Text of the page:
The future for Laina feels limitless and limited all at once, so mostly we focus on the today and how we can do our best for her in the moment.  We are interested in providing therapies that help Laina better manage the challenges of her day-to-day life, like interacting with her peers, attending to school work, and being able to express her frustrations and needs in gentle ways.  With the kind support of Little Valley Jamboree we would like to explore some alternative programs, such as Equine Assisted Learning and Music Therapy.

At this moment, Laina is a busy girl who likes to sing along to Twisted Sister and Queen, play toys with her brothers, toboggan down any hill she can find, and cuddle up on the couch with a pile of books. Ultimately, Laina’s joy and determination are the gifts she shares with us and all the people she meets.

Kristel and Derek Boyd

Brigham McNabb- Winnipeg,MB

Meet Brigham Neil McNabb. Brigham was born a healthy boy November 9, 2013 to Marly McNabb-Abel and Brennan McNabb. He is now 4 years old. He is energetic, curious, loving, inspirational, and continues to amaze his family with his approach to life. He is a fun little brother to his two big sisters Fallyne and Hustyn. He lives with his family in Winnipeg but gets to visit his great grandmas, great aunts, great uncles and large extended family on their farms in Minnedosa and surrounding areas. He is fascinated with the big tractors and machines that he sees and hears when he visits but nothing compares to the excitement Brigham has when someone takes him for a ride on one.

Brigham was a very happy, smiley baby and he took interest in observing the big world around him. It was only when he was becoming a toddler is when he didn't seem to be reaching so called normal milestones. Brigham would choke on foods and fluids. He had no language skills yet at the age of two (sign language was introduced). His gross motor skills were slow; he could not feed himself, couldn't make his fingers work to sign, or even play with toys as you might expect a young boy to do. He didn’t start walking until he was 23 months, and even when he did his gait was very weak and unstable. With these concerns, and after many discussions with family, his mom began a long process of trying to find him answers. In November 2016, at 3 years of age, Brigham received a diagnosis of Global Developmental Delay.

This diagnosis started his journey in finding out if there was anything medically causing his delays. After several specialist visits, an MRI, and blood work, the geneticist gave him a definite diagnosis of 17q12 micro duplication, a rare genetic disorder, in the summer of 2017. Other findings included, his cerebellum appears to have developed fully but abnormally and he has cysts on his brain. At this time it is unsure if the unusual appearance of his cerebellum could be a contributing reason for his muscle tone weakness, so this will be monitored by his neurosurgeon. His motor delays make him vulnerable to injury while participating in normal everyday activities, which you’d forget was an issue from the powerful hugs Brigham gives. 17q12 micro duplication has caused Brigham’s intellectual and learning delays, causing poor speech, gross motor (walking, jumping, catching a ball, etc) and fine motor skills (holding, eating, buttoning clothing, etc) Concerns are still the possibilities of seizures, behavioural and psychiatric conditions, abnormalities in his eyes, heart, kidney and brain that may and could still present in Brigham’s health to add to more complications and diagnoses. These concerning abnormalities of 17q12 micro duplication can have a range of unpredictable outcomes and developmental challenges.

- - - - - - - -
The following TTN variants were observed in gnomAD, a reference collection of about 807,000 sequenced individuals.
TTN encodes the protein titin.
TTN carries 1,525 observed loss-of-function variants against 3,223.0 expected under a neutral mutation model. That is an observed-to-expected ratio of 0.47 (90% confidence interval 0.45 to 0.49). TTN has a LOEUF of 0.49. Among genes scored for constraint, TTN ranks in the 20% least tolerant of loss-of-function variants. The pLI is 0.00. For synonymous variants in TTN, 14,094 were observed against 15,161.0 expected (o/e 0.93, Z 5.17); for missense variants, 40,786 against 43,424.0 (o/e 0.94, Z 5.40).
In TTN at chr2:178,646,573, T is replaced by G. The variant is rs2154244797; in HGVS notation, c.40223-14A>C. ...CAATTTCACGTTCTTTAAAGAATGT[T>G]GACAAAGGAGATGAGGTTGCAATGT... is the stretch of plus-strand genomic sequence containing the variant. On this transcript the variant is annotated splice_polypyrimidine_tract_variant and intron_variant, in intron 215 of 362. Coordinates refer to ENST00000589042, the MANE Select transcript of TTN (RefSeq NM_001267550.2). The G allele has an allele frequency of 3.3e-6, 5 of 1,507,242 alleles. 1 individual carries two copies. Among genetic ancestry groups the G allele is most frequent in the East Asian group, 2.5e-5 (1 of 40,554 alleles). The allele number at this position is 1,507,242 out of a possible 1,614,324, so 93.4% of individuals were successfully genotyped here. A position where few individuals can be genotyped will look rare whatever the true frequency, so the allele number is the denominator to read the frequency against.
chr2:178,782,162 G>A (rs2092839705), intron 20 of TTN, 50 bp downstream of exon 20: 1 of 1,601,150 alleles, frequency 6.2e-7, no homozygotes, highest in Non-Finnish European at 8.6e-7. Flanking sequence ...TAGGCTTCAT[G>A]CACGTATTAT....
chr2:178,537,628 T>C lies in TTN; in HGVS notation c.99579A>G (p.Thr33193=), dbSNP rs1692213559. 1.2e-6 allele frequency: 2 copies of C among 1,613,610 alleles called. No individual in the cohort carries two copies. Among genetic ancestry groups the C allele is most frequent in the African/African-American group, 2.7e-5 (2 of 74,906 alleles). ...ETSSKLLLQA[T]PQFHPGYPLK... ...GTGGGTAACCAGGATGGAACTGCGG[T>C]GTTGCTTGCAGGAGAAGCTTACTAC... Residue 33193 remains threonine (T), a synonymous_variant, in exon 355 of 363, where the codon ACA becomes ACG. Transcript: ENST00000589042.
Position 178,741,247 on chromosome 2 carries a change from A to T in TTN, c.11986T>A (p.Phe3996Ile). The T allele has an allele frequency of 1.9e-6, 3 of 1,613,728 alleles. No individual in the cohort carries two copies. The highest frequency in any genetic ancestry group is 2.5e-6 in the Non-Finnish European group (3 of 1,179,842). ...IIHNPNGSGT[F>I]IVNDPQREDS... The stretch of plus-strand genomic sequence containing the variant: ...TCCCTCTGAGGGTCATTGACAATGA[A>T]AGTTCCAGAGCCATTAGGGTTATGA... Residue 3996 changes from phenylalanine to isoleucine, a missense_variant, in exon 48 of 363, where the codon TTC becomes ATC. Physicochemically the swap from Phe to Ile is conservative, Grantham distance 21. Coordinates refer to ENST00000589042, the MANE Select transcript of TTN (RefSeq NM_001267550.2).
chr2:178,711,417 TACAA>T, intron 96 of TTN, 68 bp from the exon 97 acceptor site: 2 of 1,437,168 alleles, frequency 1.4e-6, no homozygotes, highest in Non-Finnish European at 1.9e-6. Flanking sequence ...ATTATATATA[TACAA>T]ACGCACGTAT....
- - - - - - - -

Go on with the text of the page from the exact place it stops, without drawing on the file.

Brigham is fortunate to have a great team of therapists, doctors and specialists that are taking every factor into consideration through the Children’s Rehabilitation Centre in Winnipeg. More tests are in Brigham’s near future as we learn more about this rare disorder. Language,motor, and competent skills are our main focuses as he approaches his time to go to kindergarten. Brigham would benefit from weekly visits to his speech therapist to address his language needs so he is able to communicate his wants and needs more affectively. As well as more visits to his physio and occupational therapist for motor skill development. Unfortunately, these therapies are only offered once a month through Children’s Rehab, and private therapy is extremely costly.